The development of 3D modeling technology has led to a revolution in mechanical computer-aided design (MCAD), allowing engineers to develop new products quickly, collaborate with colleagues worldwide, and respond quickly to changing requirements. We’ve all seen the benefits of 3D design for engineers. But the mechanical part of any design is only part of the overall process, and to create any device you must incorporate several disciplines, from technology to logistics, as well as electronic design with its computer-aided design solutions, often called electronic computer-aided design (ECAD).
ECAD uses a visual interface to represent the wiring, links, and devices needed to create a real-world printed circuit board (PCB). When compared to mechanical design, electronic design requires the use of two different elements. The first is the circuit diagram or wiring diagram, where symbols represent the circuit’s function. However, this type of circuit diagram does not draw the physical printed circuit board, nor does it reveal the details of how the PCB is made.
To be able to manufacture circuits, manufacturers need to draw a second type of diagram. For printed circuit boards, this diagram must represent the actual configuration of the PCB in an image and must be worked on after the circuit diagram has been drawn. It will show the bill of materials, listing all the devices needed. In addition, the diagram will show the configuration design, how the displays will be placed on the board, and how the PCB’s printed circuits will be routed and connected. The manufacturer can use this diagram to create the final product. Just as pre-fabricated 3D models of mechanical devices save design time, circuit diagrams and layout symbols for PCB devices can assist at many levels of the design process.
In a conventional process, the electronic part of the design is completed before the mechanical part, so there is a lot of data sharing between ECAD and MCAD. Most ECAD software can output a simple mechanical model of a circuit board, sufficient to create a physical object to aid in mechanical design.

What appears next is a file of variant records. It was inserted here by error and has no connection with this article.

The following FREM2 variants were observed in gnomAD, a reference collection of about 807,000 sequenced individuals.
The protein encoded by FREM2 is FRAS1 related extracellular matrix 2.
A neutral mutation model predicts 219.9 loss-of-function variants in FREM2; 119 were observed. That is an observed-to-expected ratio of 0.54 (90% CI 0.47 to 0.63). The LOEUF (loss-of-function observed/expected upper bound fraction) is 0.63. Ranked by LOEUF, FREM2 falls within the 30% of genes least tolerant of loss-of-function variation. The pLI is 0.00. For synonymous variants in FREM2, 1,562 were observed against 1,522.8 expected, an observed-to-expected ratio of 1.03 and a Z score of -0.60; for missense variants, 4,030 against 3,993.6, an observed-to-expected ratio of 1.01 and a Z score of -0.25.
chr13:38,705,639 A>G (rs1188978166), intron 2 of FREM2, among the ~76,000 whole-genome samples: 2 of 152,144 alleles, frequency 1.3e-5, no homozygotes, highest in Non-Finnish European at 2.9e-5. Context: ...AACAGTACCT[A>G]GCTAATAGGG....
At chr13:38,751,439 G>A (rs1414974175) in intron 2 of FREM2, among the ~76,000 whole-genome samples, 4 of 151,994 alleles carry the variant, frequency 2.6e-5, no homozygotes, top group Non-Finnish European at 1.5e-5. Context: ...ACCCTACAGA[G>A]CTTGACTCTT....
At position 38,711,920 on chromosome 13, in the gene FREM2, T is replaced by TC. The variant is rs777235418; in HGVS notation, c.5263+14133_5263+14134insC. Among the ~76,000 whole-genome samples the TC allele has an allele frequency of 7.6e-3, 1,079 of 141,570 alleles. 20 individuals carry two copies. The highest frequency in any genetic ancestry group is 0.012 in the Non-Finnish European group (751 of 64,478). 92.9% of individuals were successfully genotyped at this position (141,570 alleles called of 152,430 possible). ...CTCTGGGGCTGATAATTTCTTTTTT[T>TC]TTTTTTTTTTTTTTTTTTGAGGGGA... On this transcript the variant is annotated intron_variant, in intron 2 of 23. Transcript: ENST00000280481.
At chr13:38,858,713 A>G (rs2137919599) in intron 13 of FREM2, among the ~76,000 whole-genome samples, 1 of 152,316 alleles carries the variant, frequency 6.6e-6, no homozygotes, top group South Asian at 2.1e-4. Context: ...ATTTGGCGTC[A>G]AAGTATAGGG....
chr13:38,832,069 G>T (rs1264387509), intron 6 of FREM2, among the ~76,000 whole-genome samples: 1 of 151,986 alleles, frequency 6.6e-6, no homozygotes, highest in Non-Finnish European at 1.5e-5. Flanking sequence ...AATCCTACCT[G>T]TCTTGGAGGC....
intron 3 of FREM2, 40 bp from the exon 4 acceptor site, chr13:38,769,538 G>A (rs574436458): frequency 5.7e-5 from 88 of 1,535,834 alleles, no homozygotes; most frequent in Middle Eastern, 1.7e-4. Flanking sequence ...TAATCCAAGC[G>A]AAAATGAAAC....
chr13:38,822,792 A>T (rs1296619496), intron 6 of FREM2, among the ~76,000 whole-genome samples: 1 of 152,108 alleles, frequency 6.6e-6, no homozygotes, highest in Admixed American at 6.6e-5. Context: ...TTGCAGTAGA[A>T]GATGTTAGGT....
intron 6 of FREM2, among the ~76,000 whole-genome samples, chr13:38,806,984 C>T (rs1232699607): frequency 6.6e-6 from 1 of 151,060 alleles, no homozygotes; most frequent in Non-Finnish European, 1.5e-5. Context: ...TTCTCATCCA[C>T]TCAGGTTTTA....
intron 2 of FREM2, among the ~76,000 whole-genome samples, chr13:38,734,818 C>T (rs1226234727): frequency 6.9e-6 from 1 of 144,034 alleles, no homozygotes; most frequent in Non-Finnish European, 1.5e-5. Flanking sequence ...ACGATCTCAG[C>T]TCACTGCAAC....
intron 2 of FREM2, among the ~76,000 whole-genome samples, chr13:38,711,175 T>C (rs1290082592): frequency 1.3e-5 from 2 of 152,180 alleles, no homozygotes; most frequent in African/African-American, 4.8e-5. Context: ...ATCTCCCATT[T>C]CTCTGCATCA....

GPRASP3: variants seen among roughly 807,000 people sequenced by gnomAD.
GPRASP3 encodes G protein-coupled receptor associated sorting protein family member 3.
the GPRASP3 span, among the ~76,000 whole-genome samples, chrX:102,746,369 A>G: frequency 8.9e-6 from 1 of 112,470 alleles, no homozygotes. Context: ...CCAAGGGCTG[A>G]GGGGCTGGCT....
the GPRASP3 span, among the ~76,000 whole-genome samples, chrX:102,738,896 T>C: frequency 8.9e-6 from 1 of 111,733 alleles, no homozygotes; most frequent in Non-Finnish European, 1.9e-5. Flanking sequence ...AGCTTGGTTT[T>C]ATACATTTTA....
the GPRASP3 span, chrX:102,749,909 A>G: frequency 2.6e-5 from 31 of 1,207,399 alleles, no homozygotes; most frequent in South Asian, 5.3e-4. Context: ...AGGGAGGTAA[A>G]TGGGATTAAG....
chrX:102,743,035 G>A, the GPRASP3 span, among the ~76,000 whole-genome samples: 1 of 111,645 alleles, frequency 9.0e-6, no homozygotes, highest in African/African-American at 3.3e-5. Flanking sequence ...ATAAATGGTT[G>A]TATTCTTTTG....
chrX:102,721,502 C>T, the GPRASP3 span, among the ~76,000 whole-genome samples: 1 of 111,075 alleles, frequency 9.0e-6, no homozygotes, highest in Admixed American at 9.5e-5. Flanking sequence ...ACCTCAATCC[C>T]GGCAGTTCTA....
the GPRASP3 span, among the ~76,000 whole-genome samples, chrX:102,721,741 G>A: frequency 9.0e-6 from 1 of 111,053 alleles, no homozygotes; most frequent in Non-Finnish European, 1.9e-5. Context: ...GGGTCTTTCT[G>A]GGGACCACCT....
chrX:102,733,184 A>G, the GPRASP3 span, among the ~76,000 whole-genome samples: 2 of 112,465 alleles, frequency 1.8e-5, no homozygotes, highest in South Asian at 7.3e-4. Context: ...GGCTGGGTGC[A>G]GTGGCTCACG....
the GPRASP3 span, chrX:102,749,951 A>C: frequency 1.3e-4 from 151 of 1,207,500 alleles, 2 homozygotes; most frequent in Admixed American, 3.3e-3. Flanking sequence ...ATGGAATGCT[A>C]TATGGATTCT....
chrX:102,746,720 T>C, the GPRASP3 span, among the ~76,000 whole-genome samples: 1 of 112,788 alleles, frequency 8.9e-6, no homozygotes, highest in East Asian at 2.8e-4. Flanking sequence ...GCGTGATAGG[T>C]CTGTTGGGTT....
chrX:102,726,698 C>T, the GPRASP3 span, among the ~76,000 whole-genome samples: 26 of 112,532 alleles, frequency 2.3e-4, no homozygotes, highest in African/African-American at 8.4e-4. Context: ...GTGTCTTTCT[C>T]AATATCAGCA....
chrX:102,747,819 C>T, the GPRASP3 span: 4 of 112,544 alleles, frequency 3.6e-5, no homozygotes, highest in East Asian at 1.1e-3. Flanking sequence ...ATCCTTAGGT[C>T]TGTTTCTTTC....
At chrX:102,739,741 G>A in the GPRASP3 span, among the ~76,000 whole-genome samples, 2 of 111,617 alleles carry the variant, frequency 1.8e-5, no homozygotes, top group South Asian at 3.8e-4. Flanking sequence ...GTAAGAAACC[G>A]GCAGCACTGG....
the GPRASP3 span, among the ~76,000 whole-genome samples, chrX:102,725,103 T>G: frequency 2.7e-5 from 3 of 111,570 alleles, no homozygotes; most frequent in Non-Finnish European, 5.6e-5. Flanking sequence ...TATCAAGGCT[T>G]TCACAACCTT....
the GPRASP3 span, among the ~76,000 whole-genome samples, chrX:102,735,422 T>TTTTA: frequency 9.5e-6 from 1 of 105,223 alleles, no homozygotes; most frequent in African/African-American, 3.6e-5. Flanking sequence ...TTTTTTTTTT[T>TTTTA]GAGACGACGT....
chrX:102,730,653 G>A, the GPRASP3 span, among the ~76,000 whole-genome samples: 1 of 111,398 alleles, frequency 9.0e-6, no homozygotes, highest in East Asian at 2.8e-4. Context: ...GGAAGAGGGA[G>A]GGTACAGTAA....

Digital Threads in the Product Lifecycle
If this covers all the needs of the designer, then this article should end here. However, the actual design is only a stepping stone in the device lifecycle, and the element that ties the entire lifecycle together is data. The need for data today is considerable, from the early stages of an engineer’s research and selection of parts to the end of the lifecycle when maintenance personnel need to ensure the continuity of the supply chain. Complex data follows the device through each stage of the lifecycle and is integrated into the product lifecycle management (PLM) system.
This is known as the Digital Thread. This information is critical to driving digital transformation for organizations around the world, from basic product characteristics to advanced information on expected performance, recommended maintenance intervals, and end-of-life processing. As the Industrial Internet of Things (IIoT) and Industry 4.0 become more prevalent in manufacturing environments, this data is becoming critically important, and devices are becoming part of larger systems.
We’ve seen how ready-to-use models, whether circuit diagrams or 3D models in ECAD or MCAD, can save engineers a lot of time. However, by selecting models from trusted vendors like Samtec and then choosing a native model format for their CAD platform of choice, engineers have already taken an important step towards digital threading and digital transformation for their organization. The difference between a native CAD model and a STEP or IGES format is that it has its own metadata, allowing engineers to integrate this component into PLM programs.